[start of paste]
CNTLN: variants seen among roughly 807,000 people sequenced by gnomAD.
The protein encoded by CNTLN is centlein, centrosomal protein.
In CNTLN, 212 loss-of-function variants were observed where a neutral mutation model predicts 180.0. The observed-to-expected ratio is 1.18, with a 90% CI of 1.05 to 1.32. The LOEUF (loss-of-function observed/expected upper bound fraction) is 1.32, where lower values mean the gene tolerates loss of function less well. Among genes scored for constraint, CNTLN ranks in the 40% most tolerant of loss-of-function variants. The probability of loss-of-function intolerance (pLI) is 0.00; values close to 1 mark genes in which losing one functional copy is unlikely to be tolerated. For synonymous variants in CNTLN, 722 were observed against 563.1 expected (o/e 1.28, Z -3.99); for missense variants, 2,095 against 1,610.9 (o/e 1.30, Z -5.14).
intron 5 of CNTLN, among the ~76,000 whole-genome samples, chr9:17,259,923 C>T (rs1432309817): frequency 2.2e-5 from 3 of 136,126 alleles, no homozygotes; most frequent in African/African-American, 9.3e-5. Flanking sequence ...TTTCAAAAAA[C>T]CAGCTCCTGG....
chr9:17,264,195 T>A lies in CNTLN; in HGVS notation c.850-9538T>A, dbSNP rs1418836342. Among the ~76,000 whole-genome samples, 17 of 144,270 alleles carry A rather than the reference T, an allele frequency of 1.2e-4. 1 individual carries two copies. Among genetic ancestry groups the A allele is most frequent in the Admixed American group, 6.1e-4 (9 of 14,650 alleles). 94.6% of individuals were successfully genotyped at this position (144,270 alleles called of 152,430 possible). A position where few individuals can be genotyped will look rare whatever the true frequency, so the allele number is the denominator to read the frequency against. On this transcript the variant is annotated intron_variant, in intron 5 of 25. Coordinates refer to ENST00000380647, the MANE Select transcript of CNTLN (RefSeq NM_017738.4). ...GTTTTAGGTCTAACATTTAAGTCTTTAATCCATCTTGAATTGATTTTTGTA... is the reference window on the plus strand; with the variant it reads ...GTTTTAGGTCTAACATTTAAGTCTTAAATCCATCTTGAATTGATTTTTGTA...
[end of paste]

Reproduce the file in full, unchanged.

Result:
CNTLN: variants seen among roughly 807,000 people sequenced by gnomAD.
The protein encoded by CNTLN is centlein, centrosomal protein.
In CNTLN, 212 loss-of-function variants were observed where a neutral mutation model predicts 180.0. The observed-to-expected ratio is 1.18, with a 90% CI of 1.05 to 1.32. The LOEUF (loss-of-function observed/expected upper bound fraction) is 1.32, where lower values mean the gene tolerates loss of function less well. Among genes scored for constraint, CNTLN ranks in the 40% most tolerant of loss-of-function variants. The probability of loss-of-function intolerance (pLI) is 0.00; values close to 1 mark genes in which losing one functional copy is unlikely to be tolerated. For synonymous variants in CNTLN, 722 were observed against 563.1 expected (o/e 1.28, Z -3.99); for missense variants, 2,095 against 1,610.9 (o/e 1.30, Z -5.14).
intron 5 of CNTLN, among the ~76,000 whole-genome samples, chr9:17,259,923 C>T (rs1432309817): frequency 2.2e-5 from 3 of 136,126 alleles, no homozygotes; most frequent in African/African-American, 9.3e-5. Flanking sequence ...TTTCAAAAAA[C>T]CAGCTCCTGG....
chr9:17,264,195 T>A lies in CNTLN; in HGVS notation c.850-9538T>A, dbSNP rs1418836342. Among the ~76,000 whole-genome samples, 17 of 144,270 alleles carry A rather than the reference T, an allele frequency of 1.2e-4. 1 individual carries two copies. Among genetic ancestry groups the A allele is most frequent in the Admixed American group, 6.1e-4 (9 of 14,650 alleles). 94.6% of individuals were successfully genotyped at this position (144,270 alleles called of 152,430 possible). A position where few individuals can be genotyped will look rare whatever the true frequency, so the allele number is the denominator to read the frequency against. On this transcript the variant is annotated intron_variant, in intron 5 of 25. Coordinates refer to ENST00000380647, the MANE Select transcript of CNTLN (RefSeq NM_017738.4). ...GTTTTAGGTCTAACATTTAAGTCTTTAATCCATCTTGAATTGATTTTTGTA... is the reference window on the plus strand; with the variant it reads ...GTTTTAGGTCTAACATTTAAGTCTTAAATCCATCTTGAATTGATTTTTGTA...